“Matheson has agreed to not only close and replace its LCCs with approved systems, but will also close an additional small-capacity cesspool at its facility,” said Alexis Strauss, EPA’s Acting Regional Administrator for the Pacific Southwest. “EPA will continue to focus on closing illegal cesspools to protect Hawaii’s drinking water and coastal water resources.”
Cesspools collect and discharge untreated raw sewage into the ground, where disease-causing pathogens and harmful chemicals can contaminate groundwater, streams, and the ocean. Groundwater provides 99% of all domestic water in Hawaii, where cesspools are used more widely than in any other state. Since EPA banned LCCs in 2005, over 3,000 large-capacity cesspools have been closed state-wide, many through voluntary compliance. The ban does not apply to individual cesspools connected to single-family homes.
For more information and to submit comments on this specific agreement go to https://www.epa.gov/uic/hawaii-cesspools-administrative-orders#oahu. Additional information on the large-capacity cesspool ban and the definition of a large-capacity cesspool is provided at http://www.epa.gov/uic/cesspools-hawaii.
Painting and Coating Company Fined for Exceeding Air Permit VOC Limits
Industrial Finishing Services has agreed to correct excessive air pollution emissions at its painting and coating facility in Perham, Minnesota.
During a review of the company’s records in 2016, Minnesota Pollution Control Agency (MPCA) staff discovered that emissions of volatile organic compounds (VOCs) exceeded permitted limits during periods in 2014 and 2015. They also discovered reporting issues related to the annual report the company submits to the MPCA.
VOCs are released through the production and use of many everyday products and materials. VOCs can cause eye, nose, and throat irritation; headaches, loss of coordination, and nausea, as well as risks of more serious and lasting health effects. Most health impacts are associated with indoor VOCs from product use, but outdoor VOC emissions from industry can also have negative health effects and can lead to the creation of smog.
During the 2016 inspection, MPCA staff also learned the company had not included fine particle emission information in its annual reports for 2014 and 2015 and that the annual report for 2015 was submitted late. In addition, the inspectors found the company failed to follow specific actions associated with the paving of a gravel road to reduce dust emissions.
Industrial Finishing Services will be required to pay a $35,000 penalty, as well as taking steps to prevent future problems. New pollution control equipment installed at the site has greatly reduced the amount of VOC emissions from the facility.
EPA Recognizes Federal Green Challenge Participants Saving Resources and Taxpayer Money
The EPA recently recognized the efforts of federal facilities that took steps to improve efficiency, save resources and reduce costs as part of the Federal Green Challenge (FGC). FGC awards are offered in two categories—data driven and narrative. Data driven awards, given in the six target areas of Waste, Electronics, Purchasing, Energy, Water, and Transportation, are based on the greatest percentage of change over the previous year. Narrative awards are self-nominating and are given in the categories of Innovation, Education and Outreach, and Leadership.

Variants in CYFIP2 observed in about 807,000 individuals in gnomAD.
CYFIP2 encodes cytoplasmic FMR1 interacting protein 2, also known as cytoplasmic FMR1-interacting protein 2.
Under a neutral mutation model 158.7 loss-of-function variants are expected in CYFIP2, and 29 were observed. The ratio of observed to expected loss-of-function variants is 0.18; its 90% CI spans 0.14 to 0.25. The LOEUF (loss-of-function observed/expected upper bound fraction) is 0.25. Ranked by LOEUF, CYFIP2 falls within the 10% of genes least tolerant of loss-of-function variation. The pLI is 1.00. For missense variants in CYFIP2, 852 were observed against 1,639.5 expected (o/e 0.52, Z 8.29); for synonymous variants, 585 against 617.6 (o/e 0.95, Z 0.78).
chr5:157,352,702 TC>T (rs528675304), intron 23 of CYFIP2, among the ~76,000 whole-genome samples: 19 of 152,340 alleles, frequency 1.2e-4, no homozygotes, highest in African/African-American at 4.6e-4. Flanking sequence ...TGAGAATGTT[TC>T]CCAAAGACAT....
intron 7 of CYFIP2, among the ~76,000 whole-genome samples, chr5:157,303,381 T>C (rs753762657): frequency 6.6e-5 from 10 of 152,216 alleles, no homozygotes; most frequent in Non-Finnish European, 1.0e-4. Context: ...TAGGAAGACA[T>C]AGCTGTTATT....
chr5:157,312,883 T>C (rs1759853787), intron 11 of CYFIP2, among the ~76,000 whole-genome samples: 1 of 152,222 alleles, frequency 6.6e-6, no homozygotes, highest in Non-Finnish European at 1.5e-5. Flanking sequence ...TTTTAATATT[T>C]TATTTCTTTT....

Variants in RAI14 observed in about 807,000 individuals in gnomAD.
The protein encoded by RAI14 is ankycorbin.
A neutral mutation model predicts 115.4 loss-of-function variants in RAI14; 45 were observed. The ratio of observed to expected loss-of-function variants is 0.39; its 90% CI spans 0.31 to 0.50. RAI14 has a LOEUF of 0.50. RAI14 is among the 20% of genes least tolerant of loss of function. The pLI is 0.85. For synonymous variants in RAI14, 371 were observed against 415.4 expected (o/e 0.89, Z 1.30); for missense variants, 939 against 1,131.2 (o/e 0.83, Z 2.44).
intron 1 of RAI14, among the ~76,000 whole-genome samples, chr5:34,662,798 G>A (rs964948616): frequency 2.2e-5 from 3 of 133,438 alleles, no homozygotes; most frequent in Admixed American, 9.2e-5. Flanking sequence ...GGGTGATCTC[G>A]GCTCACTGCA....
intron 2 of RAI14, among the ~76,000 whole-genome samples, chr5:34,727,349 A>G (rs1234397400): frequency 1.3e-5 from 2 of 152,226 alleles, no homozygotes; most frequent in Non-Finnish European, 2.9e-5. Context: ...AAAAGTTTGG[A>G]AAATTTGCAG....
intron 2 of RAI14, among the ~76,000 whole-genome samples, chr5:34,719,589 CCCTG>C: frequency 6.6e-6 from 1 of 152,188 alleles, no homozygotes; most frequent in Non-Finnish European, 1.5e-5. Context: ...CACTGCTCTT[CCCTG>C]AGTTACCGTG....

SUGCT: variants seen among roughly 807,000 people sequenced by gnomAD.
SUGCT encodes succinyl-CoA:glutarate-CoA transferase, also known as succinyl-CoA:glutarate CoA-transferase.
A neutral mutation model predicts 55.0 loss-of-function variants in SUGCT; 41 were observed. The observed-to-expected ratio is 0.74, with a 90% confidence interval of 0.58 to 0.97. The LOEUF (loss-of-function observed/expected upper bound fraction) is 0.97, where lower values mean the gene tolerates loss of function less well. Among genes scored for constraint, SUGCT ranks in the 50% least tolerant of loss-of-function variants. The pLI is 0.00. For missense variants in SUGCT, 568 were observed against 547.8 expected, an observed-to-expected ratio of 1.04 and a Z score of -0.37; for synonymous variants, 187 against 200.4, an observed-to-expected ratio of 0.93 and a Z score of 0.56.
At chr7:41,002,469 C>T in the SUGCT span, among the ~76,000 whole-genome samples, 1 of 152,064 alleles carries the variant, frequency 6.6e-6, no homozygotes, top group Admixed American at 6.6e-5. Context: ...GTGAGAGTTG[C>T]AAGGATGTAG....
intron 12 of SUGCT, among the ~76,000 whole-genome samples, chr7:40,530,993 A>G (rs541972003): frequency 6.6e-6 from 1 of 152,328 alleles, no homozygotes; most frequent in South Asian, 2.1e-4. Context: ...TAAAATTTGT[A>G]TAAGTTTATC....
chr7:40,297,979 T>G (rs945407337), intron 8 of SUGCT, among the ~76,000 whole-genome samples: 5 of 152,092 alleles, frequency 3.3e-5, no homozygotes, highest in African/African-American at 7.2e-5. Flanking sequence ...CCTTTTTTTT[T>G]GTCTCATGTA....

“Federal agencies across the country are doing their part to minimize their environmental impact, in doing so saving American taxpayers millions of dollars,” EPA Administrator Scott Pruitt said. “Their efforts resulted in an estimated cost savings of $17 million across the federal government.”
Through their involvement, in fiscal year 2016, FGC participants reduced the federal government’s environmental impact by reducing fuel oil consumption by more than 500,000 gallons, sending 310 tons of end-of-life electronics to third-party certified recyclers, saving 9.2 million gallons of industrial water, and diverting over 336,000 tons of waste from landfills.
FGC, now in its fifth year, is a yearlong commitment under EPA’s Sustainable Materials Management (SMM) Program in which participants focus on efficiently managing their resources to reduce the costs of building operations, maintenance, and supplies. Specifically, participants track their data in two of six categories for a year
EPA provides the list of 2017 National and Regional award recipients at https://www.epa.gov/fgc/federal-green-challenge-awards.
Charles River Water Quality Earns a “B” Grade in 2016
The Charles River runs for 80 miles from Hopkinton to Boston, Massachusetts. EPA has given a grade of “B” for water quality in the Charles River during 2016. This is a slight reduction from the “B+” grade awarded for water quality in the Charles during 2015.
EPA and state and local partners have worked to improve water quality in the Charles River for over two decades. This is the 22nd year EPA has issued a Charles River Report Card. The grade of “B” reflects EPA analysis of bacterial contamination in water samples taken monthly from the lower Charles River by the Charles River Watershed Association (CRWA) at ten sampling stations between Watertown and Boston over the 2016 calendar year. CRWA collects monthly water quality samples throughout the length of the Charles. In 2016, the Charles met the Massachusetts’ bacterial water quality standards for boating 86% of the time and for swimming 55%of the time. The Charles River grade is determined according to the following criteria: